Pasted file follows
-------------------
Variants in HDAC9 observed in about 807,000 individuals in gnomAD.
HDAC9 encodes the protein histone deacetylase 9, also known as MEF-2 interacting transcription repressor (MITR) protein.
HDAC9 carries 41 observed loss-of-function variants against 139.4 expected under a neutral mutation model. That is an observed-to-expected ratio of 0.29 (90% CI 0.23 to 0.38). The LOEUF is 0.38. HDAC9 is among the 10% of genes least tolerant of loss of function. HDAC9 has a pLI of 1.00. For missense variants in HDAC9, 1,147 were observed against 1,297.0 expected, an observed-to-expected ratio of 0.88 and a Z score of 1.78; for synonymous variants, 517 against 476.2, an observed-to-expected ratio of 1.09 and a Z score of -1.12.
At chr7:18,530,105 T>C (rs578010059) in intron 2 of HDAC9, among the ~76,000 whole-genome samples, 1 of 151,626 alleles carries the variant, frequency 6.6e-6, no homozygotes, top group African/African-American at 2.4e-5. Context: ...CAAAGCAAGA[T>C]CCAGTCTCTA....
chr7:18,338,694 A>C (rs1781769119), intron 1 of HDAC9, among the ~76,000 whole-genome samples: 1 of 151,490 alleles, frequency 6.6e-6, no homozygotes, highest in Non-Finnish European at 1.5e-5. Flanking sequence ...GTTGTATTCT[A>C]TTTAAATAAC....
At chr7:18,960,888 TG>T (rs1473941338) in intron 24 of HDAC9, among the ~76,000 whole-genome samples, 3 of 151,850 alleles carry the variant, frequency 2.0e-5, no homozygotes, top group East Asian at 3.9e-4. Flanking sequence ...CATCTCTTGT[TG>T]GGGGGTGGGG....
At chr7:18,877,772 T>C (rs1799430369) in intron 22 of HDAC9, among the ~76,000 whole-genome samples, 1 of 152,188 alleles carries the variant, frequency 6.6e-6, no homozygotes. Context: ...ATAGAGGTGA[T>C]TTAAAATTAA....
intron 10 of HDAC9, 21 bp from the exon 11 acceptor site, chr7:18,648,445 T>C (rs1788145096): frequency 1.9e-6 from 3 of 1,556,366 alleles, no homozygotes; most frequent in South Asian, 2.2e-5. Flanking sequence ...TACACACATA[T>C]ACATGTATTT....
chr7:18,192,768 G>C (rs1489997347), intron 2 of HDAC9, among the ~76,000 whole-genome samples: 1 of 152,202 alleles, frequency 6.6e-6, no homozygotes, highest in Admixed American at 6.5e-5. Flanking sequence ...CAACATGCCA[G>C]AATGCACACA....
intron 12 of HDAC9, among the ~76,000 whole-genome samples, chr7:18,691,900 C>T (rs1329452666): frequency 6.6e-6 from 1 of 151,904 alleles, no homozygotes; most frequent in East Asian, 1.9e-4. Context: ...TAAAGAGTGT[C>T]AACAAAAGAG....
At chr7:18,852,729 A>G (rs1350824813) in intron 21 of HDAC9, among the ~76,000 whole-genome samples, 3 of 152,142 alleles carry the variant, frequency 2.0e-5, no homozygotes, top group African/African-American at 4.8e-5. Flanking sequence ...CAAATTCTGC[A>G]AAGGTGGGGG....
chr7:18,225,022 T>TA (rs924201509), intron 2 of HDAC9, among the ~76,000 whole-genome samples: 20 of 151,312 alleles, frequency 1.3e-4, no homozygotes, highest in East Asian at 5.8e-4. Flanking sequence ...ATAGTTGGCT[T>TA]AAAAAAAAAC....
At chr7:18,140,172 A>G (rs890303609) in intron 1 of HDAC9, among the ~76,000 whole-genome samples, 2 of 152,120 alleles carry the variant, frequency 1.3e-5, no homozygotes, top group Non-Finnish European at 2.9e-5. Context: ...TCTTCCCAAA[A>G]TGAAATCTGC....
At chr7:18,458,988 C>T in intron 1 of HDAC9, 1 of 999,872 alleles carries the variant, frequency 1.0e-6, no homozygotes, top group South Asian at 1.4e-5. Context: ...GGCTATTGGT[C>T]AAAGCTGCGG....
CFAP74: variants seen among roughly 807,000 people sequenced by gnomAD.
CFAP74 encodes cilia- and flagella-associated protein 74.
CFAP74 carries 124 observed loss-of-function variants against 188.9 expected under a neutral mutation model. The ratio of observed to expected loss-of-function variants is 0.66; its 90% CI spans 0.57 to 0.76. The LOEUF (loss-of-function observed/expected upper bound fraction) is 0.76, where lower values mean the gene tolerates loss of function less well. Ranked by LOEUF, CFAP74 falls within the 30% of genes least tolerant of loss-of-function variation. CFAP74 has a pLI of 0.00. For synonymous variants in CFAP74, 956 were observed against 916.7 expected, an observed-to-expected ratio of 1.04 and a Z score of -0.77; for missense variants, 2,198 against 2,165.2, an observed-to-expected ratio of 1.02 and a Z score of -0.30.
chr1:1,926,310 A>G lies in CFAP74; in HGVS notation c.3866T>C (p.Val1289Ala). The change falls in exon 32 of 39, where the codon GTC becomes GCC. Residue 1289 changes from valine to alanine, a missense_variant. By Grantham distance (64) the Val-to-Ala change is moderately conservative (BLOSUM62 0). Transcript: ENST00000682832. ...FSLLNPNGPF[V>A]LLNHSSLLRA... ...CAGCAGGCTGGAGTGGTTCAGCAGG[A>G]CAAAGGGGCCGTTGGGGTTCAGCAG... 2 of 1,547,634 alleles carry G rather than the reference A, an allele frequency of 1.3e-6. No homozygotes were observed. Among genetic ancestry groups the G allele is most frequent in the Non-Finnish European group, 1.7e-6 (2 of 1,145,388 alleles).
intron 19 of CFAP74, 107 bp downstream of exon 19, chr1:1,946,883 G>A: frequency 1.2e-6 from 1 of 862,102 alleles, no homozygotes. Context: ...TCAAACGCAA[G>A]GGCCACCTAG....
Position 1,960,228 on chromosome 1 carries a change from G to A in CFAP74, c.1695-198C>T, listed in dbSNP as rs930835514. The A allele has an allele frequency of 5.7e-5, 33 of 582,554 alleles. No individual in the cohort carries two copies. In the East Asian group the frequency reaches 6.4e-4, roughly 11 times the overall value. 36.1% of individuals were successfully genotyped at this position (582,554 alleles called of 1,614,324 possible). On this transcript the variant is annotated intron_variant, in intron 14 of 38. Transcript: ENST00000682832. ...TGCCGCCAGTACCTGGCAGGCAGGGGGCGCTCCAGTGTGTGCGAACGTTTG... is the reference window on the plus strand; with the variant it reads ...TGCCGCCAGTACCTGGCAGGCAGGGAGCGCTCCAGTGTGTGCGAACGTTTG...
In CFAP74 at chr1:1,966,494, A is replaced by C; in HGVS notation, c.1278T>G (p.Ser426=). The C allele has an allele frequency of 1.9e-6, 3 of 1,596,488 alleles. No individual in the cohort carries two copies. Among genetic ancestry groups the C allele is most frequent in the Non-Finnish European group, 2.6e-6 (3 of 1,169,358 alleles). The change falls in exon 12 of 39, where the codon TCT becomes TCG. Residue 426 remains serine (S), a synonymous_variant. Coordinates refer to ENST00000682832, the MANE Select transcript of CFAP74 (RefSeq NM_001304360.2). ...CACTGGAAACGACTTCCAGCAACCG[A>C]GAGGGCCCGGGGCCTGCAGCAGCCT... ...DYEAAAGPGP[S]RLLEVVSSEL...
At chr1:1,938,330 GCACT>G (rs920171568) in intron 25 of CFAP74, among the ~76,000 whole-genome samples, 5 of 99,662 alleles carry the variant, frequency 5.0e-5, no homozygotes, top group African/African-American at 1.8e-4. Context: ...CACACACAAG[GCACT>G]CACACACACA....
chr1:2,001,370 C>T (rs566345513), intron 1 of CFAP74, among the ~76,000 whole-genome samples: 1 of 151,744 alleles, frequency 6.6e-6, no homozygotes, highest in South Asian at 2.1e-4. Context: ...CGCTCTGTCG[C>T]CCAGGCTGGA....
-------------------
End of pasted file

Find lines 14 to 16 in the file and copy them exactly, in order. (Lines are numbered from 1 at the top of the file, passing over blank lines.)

At chr7:18,458,988 C>T in intron 1 of HDAC9, 1 of 999,872 alleles carries the variant, frequency 1.0e-6, no homozygotes, top group South Asian at 1.4e-5. Context: ...GGCTATTGGT[C>T]AAAGCTGCGG....
CFAP74: variants seen among roughly 807,000 people sequenced by gnomAD.
CFAP74 encodes cilia- and flagella-associated protein 74.